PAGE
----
WASHINGTON, D.C. — A federal jury on Monday convicted North Carolina poultry processor House of Raeford Farms of 10 counts of violating the Clean Water Act.
But the company was found not guilty on four other counts, and the plant manager was cleared of wrong-doing.
The Department of Justice said that the poultry producer allowed employees for 16 months to send untreated wastewater contaminated with blood, grease and body parts from slaughtered turkeys directly to the city of Raefords wastewater treatment plant.
Publicly owned wastewater treatment plants must be protected from companies that cut corners by discharging wastewater illegally, said Maureen OMara, a special agent in charge with the Environmental Protection Agency.
Plant manager Gregory Steenblock was acquitted of the 14 charges against him during the trial in U.S. District Court in Winston-Salem.
House of Raeford officials said they were pleased that Steenblock was found not guilty. The company also maintained that any wastewater that went into the sewer was effectively treated by the citys sewage treatment plant.
The government repeatedly admitted during the trial that none of the materials it claimed went into the City of Raefords sewer system ever reached the environment, the company said in a statement.
House of Raeford completed a $1.4 million upgrade to its wastewater pre-treatment system in September 2006 that solved the issues that led to the trial.
The bypasses and failure to report them violated House of Raefords pretreatment permit as well as the citys sewer use ordinance, the Department of Justice said.
Many of the bypasses took place while House of Raeford was subject to a consent order with the city that required it to construct a new pretreatment system and comply with all requirements of its pretreatment permit, a justice department statement said.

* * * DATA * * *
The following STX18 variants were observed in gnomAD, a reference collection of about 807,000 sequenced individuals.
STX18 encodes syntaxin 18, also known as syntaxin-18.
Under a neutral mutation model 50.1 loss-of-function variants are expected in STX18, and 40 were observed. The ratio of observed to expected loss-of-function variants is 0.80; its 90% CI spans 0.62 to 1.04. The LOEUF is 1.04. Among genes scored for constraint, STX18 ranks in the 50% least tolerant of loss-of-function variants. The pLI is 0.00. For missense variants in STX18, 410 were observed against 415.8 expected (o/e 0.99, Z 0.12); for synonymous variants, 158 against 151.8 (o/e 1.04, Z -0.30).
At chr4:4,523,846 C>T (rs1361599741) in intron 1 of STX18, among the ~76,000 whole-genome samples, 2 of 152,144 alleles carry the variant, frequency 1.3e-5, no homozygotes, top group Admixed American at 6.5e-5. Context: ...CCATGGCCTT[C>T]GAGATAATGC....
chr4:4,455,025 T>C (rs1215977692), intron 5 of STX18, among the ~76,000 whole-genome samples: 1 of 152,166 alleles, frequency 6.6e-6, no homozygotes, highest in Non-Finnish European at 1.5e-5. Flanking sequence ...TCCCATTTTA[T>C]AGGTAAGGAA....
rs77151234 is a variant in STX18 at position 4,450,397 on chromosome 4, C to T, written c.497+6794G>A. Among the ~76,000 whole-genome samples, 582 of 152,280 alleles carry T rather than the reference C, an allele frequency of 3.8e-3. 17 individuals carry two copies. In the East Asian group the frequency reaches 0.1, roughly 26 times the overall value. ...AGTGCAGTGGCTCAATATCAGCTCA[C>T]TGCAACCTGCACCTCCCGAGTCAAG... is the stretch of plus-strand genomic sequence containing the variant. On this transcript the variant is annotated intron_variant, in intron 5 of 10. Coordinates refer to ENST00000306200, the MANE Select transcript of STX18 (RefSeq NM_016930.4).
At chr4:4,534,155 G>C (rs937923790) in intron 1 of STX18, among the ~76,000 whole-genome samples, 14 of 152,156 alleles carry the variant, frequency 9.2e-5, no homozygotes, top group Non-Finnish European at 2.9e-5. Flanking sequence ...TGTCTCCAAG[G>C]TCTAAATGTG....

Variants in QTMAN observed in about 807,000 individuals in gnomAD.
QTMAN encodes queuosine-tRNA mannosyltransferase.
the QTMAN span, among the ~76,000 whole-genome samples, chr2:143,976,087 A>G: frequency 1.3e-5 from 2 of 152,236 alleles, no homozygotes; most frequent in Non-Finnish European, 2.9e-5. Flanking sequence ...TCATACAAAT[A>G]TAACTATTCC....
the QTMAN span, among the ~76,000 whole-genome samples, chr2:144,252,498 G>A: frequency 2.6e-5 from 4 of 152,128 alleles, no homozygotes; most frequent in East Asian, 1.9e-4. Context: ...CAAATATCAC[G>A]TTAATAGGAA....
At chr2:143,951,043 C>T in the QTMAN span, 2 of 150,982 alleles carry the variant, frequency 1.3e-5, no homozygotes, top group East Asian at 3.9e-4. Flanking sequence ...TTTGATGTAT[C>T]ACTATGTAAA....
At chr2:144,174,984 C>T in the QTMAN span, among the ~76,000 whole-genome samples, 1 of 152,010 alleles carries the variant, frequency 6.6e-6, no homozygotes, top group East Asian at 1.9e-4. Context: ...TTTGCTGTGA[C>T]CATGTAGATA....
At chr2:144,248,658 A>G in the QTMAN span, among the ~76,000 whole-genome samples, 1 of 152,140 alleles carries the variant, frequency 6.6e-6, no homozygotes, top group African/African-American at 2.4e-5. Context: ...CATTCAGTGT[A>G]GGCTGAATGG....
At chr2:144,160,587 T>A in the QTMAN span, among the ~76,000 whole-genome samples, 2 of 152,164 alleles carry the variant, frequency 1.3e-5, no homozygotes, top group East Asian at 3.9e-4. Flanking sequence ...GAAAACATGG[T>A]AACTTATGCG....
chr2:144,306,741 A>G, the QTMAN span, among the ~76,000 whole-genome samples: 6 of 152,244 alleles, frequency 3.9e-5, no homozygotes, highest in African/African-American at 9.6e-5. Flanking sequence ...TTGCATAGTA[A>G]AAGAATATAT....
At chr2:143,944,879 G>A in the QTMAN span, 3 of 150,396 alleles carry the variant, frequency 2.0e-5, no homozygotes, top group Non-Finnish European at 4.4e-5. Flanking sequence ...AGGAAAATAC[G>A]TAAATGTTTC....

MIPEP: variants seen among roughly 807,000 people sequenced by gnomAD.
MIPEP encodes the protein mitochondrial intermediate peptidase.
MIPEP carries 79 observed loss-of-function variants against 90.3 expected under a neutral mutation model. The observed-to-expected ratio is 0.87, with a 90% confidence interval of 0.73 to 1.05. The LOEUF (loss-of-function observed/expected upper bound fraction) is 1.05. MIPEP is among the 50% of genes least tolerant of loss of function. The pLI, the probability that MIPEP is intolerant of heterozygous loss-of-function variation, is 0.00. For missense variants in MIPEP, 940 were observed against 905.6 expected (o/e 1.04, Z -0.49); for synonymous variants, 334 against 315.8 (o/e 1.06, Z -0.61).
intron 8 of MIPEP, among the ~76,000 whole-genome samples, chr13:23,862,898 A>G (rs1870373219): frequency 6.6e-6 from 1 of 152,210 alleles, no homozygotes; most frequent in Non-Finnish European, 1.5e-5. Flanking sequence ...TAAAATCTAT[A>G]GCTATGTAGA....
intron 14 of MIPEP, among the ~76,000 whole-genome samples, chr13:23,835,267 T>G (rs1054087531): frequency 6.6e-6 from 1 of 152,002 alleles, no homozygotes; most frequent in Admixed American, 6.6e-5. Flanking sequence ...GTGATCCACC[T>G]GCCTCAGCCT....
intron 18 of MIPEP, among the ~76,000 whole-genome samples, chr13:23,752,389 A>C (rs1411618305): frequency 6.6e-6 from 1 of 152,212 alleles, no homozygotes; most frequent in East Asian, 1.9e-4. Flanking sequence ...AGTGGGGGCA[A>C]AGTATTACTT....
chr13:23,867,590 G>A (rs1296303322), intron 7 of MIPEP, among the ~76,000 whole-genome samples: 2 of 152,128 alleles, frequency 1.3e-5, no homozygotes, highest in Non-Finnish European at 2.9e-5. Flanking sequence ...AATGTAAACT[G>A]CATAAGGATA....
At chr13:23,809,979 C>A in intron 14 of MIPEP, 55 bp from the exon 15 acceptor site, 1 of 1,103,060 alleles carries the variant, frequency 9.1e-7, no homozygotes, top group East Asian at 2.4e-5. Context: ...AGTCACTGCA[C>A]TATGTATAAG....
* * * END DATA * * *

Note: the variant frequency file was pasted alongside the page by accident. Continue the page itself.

A number of the bypasses were recorded in log books kept by House of Raeford Inc. wastewater operators, and were never revealed to the city.
The city plant was responsible for treating industrial, commercial and residential wastewater before it was discharged to Rockfish Creek in Hoke County, according to the statement.
House of Raeford faces a maximum fine of $500,000. Sentencing has been scheduled for Nov. 28.
A federal judge had previously dismissed the case because prosecutors failed to expeditiously bring it to trial. But the judge later allowed prosecutors to revive the case.
The new indictment, filed June 26, charged the company with sending contaminated wastewater to a municipal treatment plant in Raeford on 14 occasions from 2005 to August 2006.
A 2008 Observer investigation found the company had masked the extent of workplace injuries. Employees said the company had ignored, intimidated and fired workers who were hurt on the job.
House of Raeford officials said they followed the law.